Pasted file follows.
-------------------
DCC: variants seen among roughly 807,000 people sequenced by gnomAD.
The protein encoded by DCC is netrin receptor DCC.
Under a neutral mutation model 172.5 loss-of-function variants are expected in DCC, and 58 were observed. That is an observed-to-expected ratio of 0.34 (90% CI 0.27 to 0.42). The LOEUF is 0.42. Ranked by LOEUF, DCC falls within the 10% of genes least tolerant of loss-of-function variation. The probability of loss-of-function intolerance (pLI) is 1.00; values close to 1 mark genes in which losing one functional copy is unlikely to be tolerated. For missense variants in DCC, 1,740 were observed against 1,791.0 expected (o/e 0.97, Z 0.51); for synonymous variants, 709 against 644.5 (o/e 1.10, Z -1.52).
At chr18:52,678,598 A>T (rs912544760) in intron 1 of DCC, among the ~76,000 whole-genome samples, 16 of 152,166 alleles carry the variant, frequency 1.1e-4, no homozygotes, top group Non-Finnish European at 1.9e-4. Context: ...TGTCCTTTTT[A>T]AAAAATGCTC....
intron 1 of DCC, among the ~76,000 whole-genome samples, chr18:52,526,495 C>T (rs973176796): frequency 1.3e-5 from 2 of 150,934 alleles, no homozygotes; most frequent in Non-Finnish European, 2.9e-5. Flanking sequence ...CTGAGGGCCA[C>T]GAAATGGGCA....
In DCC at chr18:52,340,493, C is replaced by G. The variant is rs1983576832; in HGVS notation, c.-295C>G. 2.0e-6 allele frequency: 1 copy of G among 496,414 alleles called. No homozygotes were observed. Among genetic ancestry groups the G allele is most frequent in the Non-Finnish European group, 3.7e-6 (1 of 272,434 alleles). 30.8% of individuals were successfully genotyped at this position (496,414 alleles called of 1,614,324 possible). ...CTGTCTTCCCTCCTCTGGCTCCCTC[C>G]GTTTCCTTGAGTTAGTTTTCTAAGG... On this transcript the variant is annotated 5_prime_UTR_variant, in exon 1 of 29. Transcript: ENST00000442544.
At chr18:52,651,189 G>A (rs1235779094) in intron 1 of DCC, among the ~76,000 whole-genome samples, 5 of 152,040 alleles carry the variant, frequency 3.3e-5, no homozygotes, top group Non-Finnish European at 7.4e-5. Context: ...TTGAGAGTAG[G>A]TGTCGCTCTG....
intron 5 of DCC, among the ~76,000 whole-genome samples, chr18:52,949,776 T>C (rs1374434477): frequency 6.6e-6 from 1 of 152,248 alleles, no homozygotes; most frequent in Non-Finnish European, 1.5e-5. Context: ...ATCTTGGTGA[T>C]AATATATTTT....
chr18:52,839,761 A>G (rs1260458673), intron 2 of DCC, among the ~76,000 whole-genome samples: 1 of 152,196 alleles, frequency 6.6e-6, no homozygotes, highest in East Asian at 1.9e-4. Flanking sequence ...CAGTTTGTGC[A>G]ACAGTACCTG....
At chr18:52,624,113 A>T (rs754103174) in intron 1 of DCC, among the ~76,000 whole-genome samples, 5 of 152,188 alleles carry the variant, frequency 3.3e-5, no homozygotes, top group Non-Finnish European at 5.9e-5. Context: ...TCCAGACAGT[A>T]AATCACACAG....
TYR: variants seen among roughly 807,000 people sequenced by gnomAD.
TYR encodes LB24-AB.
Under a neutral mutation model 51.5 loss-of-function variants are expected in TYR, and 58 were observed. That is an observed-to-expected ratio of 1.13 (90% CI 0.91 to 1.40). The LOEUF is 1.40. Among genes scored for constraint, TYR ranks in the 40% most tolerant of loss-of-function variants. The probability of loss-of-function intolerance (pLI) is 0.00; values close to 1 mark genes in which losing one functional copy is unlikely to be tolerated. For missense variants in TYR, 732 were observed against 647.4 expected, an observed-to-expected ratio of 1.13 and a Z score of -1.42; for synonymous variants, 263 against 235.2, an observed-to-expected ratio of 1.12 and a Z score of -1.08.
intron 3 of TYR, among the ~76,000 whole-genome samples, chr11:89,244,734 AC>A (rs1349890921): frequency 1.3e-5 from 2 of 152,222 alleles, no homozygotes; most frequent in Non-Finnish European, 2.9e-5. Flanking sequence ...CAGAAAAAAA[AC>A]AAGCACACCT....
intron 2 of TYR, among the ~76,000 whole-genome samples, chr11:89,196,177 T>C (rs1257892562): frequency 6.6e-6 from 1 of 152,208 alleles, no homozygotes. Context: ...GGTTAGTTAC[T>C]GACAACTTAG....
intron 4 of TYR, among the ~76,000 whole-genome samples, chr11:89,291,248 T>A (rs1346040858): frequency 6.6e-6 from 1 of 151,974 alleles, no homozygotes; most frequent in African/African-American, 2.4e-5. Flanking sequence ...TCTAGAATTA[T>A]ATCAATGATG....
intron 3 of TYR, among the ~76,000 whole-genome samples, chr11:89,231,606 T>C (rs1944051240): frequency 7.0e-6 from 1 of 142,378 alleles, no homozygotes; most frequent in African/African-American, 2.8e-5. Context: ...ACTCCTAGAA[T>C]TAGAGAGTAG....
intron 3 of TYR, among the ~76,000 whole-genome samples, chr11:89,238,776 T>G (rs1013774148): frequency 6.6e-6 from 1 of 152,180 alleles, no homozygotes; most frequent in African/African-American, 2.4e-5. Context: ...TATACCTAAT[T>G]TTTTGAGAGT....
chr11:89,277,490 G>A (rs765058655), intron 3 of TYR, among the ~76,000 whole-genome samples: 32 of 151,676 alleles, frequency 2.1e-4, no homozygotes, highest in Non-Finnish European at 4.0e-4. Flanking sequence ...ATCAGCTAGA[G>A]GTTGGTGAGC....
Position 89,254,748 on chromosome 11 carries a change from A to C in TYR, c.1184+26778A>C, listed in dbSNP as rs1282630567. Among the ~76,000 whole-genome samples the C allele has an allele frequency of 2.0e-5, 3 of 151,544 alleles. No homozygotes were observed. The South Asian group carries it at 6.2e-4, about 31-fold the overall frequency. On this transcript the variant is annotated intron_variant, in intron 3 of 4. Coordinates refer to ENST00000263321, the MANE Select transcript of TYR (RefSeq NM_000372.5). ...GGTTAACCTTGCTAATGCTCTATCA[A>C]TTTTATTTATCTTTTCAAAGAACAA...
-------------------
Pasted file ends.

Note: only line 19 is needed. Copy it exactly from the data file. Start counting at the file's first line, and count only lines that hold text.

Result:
chr11:89,277,490 G>A (rs765058655), intron 3 of TYR, among the ~76,000 whole-genome samples: 32 of 151,676 alleles, frequency 2.1e-4, no homozygotes, highest in Non-Finnish European at 4.0e-4. Flanking sequence ...ATCAGCTAGA[G>A]GTTGGTGAGC....